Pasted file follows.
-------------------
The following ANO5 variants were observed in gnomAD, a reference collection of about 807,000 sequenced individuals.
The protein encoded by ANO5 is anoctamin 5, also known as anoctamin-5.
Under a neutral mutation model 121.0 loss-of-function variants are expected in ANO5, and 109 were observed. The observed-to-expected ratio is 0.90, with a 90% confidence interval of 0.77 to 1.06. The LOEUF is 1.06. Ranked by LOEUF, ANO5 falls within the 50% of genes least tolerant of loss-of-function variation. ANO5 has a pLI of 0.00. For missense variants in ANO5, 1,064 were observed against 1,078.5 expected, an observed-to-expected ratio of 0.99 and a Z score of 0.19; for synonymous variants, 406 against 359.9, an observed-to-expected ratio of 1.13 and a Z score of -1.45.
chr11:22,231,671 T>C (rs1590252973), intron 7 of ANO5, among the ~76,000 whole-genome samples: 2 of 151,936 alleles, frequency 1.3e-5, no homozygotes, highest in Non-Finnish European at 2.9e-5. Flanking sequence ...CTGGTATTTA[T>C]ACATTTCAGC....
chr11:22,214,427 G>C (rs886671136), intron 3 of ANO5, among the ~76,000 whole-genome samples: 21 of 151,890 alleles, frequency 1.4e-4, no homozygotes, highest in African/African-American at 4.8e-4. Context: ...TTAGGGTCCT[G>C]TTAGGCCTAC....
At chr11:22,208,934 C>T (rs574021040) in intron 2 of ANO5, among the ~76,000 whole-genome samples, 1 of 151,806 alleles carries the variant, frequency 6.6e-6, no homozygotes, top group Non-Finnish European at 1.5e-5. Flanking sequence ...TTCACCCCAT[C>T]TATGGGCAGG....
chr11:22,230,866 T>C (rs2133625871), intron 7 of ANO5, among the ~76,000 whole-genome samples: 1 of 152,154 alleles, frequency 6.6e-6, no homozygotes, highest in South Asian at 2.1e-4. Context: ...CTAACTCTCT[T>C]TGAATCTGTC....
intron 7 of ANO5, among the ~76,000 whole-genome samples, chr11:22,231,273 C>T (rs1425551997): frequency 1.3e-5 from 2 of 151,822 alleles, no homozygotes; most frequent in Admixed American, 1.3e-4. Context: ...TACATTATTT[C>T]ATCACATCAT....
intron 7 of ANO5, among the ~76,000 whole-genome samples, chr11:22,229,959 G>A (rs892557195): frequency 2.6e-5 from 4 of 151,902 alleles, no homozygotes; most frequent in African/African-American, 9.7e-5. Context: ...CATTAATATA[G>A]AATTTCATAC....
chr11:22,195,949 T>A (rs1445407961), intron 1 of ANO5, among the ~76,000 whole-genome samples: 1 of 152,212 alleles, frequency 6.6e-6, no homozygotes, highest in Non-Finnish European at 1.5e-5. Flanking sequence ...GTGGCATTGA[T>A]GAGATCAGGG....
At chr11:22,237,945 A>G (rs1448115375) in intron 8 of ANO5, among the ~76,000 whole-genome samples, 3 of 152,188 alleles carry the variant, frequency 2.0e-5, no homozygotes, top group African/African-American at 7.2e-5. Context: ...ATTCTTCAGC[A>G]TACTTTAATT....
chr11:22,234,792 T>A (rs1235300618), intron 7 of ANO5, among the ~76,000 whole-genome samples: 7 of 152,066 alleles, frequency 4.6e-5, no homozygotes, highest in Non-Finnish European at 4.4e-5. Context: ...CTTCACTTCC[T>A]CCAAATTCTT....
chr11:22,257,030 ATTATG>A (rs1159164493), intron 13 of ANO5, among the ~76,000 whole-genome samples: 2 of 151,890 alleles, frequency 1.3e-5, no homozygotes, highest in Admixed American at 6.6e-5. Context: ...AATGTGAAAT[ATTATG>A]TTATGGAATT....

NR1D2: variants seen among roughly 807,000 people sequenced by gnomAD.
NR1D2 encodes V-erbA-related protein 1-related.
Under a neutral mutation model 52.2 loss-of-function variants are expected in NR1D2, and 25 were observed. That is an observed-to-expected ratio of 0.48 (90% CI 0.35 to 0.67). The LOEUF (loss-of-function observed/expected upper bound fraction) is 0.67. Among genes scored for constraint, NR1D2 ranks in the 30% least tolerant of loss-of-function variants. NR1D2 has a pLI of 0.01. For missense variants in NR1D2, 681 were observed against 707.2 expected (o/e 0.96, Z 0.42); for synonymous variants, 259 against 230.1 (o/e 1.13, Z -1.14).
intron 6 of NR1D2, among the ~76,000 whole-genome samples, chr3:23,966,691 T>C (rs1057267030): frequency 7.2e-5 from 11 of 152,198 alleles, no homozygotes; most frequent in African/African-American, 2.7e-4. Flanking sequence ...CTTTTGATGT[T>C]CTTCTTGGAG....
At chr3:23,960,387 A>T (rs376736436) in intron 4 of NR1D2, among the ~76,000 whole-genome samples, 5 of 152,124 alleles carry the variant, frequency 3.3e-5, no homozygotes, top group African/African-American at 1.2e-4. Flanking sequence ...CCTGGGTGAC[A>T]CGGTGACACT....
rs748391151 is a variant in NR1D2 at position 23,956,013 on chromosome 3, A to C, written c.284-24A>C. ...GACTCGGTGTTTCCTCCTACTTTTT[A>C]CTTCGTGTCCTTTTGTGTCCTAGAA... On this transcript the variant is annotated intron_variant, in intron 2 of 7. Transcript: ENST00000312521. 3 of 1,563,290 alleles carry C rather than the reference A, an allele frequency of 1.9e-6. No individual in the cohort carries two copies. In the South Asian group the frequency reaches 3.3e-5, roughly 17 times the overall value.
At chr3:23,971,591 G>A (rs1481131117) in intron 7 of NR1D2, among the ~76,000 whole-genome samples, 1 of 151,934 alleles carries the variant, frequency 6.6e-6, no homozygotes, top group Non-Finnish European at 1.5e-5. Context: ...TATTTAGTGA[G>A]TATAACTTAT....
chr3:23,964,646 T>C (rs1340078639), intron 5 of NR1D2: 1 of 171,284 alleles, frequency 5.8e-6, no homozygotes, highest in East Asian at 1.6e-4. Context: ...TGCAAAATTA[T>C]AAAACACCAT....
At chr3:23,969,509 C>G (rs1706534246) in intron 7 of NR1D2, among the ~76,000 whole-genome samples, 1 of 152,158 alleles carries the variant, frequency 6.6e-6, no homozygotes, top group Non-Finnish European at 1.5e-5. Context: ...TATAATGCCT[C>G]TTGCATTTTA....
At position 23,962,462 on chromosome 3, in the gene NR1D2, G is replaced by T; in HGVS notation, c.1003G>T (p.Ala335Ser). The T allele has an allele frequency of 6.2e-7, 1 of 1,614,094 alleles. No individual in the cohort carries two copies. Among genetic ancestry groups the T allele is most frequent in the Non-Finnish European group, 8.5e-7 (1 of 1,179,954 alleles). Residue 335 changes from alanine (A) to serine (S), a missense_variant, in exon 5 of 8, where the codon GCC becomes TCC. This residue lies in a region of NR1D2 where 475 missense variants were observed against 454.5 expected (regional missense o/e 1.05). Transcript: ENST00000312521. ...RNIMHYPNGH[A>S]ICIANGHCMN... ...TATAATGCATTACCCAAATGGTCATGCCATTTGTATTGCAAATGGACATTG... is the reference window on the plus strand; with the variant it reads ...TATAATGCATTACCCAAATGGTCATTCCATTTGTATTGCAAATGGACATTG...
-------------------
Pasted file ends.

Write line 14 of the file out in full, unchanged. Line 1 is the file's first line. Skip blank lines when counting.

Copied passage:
NR1D2: variants seen among roughly 807,000 people sequenced by gnomAD.